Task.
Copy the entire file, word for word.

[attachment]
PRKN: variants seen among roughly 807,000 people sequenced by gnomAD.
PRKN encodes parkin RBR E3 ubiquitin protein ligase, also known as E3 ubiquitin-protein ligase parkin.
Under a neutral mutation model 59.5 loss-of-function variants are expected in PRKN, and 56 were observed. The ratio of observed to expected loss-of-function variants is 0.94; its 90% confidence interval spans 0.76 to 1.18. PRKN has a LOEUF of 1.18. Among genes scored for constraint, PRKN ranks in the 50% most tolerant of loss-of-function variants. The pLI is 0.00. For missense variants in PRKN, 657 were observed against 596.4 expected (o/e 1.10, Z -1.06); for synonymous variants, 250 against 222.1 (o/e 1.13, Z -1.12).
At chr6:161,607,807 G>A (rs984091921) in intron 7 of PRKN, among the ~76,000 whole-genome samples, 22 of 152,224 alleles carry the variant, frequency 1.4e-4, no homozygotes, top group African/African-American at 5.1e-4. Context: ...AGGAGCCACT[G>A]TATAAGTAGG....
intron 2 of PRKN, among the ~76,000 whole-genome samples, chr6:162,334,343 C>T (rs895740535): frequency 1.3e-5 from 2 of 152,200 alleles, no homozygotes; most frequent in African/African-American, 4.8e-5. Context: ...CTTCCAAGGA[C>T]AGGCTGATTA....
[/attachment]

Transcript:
PRKN: variants seen among roughly 807,000 people sequenced by gnomAD.
PRKN encodes parkin RBR E3 ubiquitin protein ligase, also known as E3 ubiquitin-protein ligase parkin.
Under a neutral mutation model 59.5 loss-of-function variants are expected in PRKN, and 56 were observed. The ratio of observed to expected loss-of-function variants is 0.94; its 90% confidence interval spans 0.76 to 1.18. PRKN has a LOEUF of 1.18. Among genes scored for constraint, PRKN ranks in the 50% most tolerant of loss-of-function variants. The pLI is 0.00. For missense variants in PRKN, 657 were observed against 596.4 expected (o/e 1.10, Z -1.06); for synonymous variants, 250 against 222.1 (o/e 1.13, Z -1.12).
At chr6:161,607,807 G>A (rs984091921) in intron 7 of PRKN, among the ~76,000 whole-genome samples, 22 of 152,224 alleles carry the variant, frequency 1.4e-4, no homozygotes, top group African/African-American at 5.1e-4. Context: ...AGGAGCCACT[G>A]TATAAGTAGG....
intron 2 of PRKN, among the ~76,000 whole-genome samples, chr6:162,334,343 C>T (rs895740535): frequency 1.3e-5 from 2 of 152,200 alleles, no homozygotes; most frequent in African/African-American, 4.8e-5. Context: ...CTTCCAAGGA[C>T]AGGCTGATTA....